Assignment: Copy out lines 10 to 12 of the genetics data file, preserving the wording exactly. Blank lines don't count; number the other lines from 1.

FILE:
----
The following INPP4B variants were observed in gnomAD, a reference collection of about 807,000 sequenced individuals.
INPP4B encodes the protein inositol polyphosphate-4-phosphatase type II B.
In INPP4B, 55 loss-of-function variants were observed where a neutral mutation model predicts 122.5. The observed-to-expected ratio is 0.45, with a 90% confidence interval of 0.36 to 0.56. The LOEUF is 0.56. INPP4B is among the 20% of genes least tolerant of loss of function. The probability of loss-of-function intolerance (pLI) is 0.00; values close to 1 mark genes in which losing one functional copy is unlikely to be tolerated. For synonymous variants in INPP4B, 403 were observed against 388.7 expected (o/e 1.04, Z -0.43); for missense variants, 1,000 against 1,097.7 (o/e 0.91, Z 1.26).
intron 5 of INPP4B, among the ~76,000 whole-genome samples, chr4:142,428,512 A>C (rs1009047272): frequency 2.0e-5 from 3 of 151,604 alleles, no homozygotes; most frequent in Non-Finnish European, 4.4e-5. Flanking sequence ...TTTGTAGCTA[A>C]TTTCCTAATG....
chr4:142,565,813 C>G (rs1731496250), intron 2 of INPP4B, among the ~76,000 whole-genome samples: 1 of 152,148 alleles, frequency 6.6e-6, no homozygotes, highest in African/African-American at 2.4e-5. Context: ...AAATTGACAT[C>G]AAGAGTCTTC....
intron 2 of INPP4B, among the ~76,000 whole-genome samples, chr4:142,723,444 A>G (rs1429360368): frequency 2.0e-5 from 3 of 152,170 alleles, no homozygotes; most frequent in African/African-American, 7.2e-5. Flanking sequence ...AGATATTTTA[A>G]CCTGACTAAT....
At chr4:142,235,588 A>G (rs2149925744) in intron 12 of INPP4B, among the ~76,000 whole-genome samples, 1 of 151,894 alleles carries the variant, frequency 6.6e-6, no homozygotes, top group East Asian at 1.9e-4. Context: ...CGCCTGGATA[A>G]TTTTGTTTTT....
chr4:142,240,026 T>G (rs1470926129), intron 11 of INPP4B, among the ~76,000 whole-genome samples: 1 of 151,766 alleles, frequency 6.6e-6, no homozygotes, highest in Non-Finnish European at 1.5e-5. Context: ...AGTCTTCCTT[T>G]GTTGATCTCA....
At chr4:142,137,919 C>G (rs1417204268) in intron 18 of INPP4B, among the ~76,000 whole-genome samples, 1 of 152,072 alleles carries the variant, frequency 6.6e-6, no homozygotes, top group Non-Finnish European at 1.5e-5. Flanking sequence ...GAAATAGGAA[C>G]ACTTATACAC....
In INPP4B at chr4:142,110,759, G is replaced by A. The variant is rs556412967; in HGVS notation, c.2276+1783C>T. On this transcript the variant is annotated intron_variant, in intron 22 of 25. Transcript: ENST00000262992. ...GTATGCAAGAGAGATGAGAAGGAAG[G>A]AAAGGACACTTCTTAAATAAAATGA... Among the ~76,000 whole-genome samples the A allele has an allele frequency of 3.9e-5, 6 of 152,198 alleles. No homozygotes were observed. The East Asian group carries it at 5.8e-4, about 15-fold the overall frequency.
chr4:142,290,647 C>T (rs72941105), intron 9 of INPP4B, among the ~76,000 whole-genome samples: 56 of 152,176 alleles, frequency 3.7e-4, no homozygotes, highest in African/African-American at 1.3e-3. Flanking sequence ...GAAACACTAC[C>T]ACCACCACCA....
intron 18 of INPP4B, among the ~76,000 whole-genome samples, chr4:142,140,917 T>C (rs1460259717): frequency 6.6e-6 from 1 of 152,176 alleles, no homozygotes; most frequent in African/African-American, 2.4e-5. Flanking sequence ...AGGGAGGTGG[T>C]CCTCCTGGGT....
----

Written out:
In INPP4B at chr4:142,110,759, G is replaced by A. The variant is rs556412967; in HGVS notation, c.2276+1783C>T. On this transcript the variant is annotated intron_variant, in intron 22 of 25. Transcript: ENST00000262992. ...GTATGCAAGAGAGATGAGAAGGAAG[G>A]AAAGGACACTTCTTAAATAAAATGA... Among the ~76,000 whole-genome samples the A allele has an allele frequency of 3.9e-5, 6 of 152,198 alleles. No homozygotes were observed. The East Asian group carries it at 5.8e-4, about 15-fold the overall frequency.
chr4:142,290,647 C>T (rs72941105), intron 9 of INPP4B, among the ~76,000 whole-genome samples: 56 of 152,176 alleles, frequency 3.7e-4, no homozygotes, highest in African/African-American at 1.3e-3. Flanking sequence ...GAAACACTAC[C>T]ACCACCACCA....
intron 18 of INPP4B, among the ~76,000 whole-genome samples, chr4:142,140,917 T>C (rs1460259717): frequency 6.6e-6 from 1 of 152,176 alleles, no homozygotes; most frequent in African/African-American, 2.4e-5. Flanking sequence ...AGGGAGGTGG[T>C]CCTCCTGGGT....